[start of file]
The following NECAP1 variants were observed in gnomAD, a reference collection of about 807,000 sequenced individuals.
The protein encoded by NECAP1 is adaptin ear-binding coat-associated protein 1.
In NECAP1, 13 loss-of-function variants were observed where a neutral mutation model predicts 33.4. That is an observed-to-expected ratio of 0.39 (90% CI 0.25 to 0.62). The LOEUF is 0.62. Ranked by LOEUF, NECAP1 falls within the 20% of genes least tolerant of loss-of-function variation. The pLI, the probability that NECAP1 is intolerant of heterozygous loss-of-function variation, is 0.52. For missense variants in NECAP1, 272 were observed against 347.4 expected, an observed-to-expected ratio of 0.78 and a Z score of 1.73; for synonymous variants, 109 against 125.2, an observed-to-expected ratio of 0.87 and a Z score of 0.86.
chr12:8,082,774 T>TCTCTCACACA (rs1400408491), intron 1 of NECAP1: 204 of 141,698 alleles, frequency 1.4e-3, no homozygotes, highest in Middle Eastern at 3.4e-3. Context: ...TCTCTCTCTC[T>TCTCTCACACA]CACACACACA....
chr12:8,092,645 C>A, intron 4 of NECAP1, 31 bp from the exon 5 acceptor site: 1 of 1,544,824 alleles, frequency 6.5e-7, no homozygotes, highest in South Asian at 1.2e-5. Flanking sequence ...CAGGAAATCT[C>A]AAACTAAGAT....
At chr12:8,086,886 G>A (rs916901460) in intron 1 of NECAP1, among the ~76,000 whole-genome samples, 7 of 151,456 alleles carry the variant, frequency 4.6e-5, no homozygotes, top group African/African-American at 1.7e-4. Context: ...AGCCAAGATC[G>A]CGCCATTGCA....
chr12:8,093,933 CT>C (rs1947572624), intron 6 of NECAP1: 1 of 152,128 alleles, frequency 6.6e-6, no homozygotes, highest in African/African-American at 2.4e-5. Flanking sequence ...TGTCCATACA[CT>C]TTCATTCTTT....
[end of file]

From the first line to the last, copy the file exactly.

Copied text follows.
The following NECAP1 variants were observed in gnomAD, a reference collection of about 807,000 sequenced individuals.
The protein encoded by NECAP1 is adaptin ear-binding coat-associated protein 1.
In NECAP1, 13 loss-of-function variants were observed where a neutral mutation model predicts 33.4. That is an observed-to-expected ratio of 0.39 (90% CI 0.25 to 0.62). The LOEUF is 0.62. Ranked by LOEUF, NECAP1 falls within the 20% of genes least tolerant of loss-of-function variation. The pLI, the probability that NECAP1 is intolerant of heterozygous loss-of-function variation, is 0.52. For missense variants in NECAP1, 272 were observed against 347.4 expected, an observed-to-expected ratio of 0.78 and a Z score of 1.73; for synonymous variants, 109 against 125.2, an observed-to-expected ratio of 0.87 and a Z score of 0.86.
chr12:8,082,774 T>TCTCTCACACA (rs1400408491), intron 1 of NECAP1: 204 of 141,698 alleles, frequency 1.4e-3, no homozygotes, highest in Middle Eastern at 3.4e-3. Context: ...TCTCTCTCTC[T>TCTCTCACACA]CACACACACA....
chr12:8,092,645 C>A, intron 4 of NECAP1, 31 bp from the exon 5 acceptor site: 1 of 1,544,824 alleles, frequency 6.5e-7, no homozygotes, highest in South Asian at 1.2e-5. Flanking sequence ...CAGGAAATCT[C>A]AAACTAAGAT....
At chr12:8,086,886 G>A (rs916901460) in intron 1 of NECAP1, among the ~76,000 whole-genome samples, 7 of 151,456 alleles carry the variant, frequency 4.6e-5, no homozygotes, top group African/African-American at 1.7e-4. Context: ...AGCCAAGATC[G>A]CGCCATTGCA....
chr12:8,093,933 CT>C (rs1947572624), intron 6 of NECAP1: 1 of 152,128 alleles, frequency 6.6e-6, no homozygotes, highest in African/African-American at 2.4e-5. Flanking sequence ...TGTCCATACA[CT>C]TTCATTCTTT....